P0405 – Exhaust gas recirculation (EGR) valve position sensor A low input
Last Updated 2016-09-24
ASE Master Tech
|Code||Fault Location||Probable Cause|
|P0405|| Exhaust gas recirculation (EGR) valve position sensor A low input |
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|Wiring short to earth, EGR valve position sensor, ECM|
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Table of Contents
- What Does Code P0405 Mean?
- What are the common causes of code P0405 ?
- What are the symptoms of code P0405 ?
- How do you troubleshoot code P0405 ?
- Codes Related to P0405
- Get Help with P0405
What Does Code P0405 Mean?
In the internal combustion engine, the ideal chemical reaction of combustion is as follows: oxygen (O2) + fuel (HC) = carbon dioxide (CO2) + water (H2O). Unfortunately, because engines are used over such a wide range of situations, ideal combustion often difficult to achieve. Outside of the lab, for example, there is a wide range of ambient temperature and humidity conditions, atmospheric pressure changes, as well as differing driver demands and even the state of the engine itself, all of which can lead to less-than-ideal combustion. Modern engines employ a number of strategies to achieve ideal combustion in ever-changing circumstances, using systems like variable valve timing and lift, variable ignition timing, direct fuel injection, and exhaust gas recirculation (EGR), to name a few.
The EGR system is designed to reduce the production of nitrogen oxides (NOx), which are responsible for the formation of smog and acid rain (Nitric Acid – HNO3), amongst other environmental and health hazards. Under ideal conditions, nitrogen (N2) would normally not react with the oxygen during combustion, but abnormally-high combustion temperatures, typically over 2,400 °F, can enable N2 reactions and the formation of NOx. The EGR system injects a small amount of spent exhaust gases, routed from the exhaust pipe, back into the intake, reducing the amount of O2 available for combustion, therefore reducing combustion temperatures and the production of NOx.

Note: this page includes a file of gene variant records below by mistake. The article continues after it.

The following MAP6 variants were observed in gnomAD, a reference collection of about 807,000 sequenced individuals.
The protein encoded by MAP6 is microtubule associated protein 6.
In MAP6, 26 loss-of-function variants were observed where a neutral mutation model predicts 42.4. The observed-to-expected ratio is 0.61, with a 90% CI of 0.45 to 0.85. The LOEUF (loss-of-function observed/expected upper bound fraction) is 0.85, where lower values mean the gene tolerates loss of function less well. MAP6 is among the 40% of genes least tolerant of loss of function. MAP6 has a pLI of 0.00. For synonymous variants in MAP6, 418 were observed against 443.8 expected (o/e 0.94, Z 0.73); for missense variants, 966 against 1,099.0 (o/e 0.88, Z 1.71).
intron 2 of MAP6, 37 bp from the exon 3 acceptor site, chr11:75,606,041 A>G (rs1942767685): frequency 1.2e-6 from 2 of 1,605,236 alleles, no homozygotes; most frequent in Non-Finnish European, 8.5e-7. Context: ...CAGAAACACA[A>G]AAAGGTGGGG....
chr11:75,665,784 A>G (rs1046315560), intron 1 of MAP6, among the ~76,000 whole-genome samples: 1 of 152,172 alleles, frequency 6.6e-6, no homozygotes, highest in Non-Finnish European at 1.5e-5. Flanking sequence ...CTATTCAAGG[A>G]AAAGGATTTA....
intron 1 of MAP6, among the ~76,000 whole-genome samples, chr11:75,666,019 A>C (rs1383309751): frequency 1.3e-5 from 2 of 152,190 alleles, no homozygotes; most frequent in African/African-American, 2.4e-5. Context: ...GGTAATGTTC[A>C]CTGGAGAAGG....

The EGR system connects the exhaust to the intake via pipes and a valve. The EGR valve used to be vacuum-modulated, but many vehicles have switched over to electronic control by the engine control module (ECM). Depending on demand, the ECM commands the EGR to open and close, controlling the flow of exhaust gas into the intake. The ECM also uses sensors to monitor system function, such as the EGR Temperature or Flow Sensor and EGR Position sensor. If the ECM detects a problem in the EGR position sensor circuit, it will set a diagnostic trouble code (DTC) and illuminate the malfunction indicator lamp (MIL).
What are the common causes of code P0405 ?
Depending on year, make, and model, DTC P0405 may have number of causes. Here are some of the most common.
- Sensor Fault – Because it is constantly subjected to heat from the exhaust, internal electrical faults are a common occurrence. Replace the sensor, clear the code, keep driving.
- Circuit Problem – Certain repair procedures may require disconnecting the EGR position sensor or interfering with its harness. Poor connections, poor routing, chafing, open and short circuits are par for the course. Repair as needed.
- Dodge / Chrysler / Jeep / RAM / MOPAR – A number of models in this lineup have released TSBs (technical service bulletins) addressing DTC P0405 / P0406. Reprogramming the ECM fixes the problem. Check with your dealership to see if your vehicle is covered by any of these TSBs.
What are the symptoms of code P0405 ?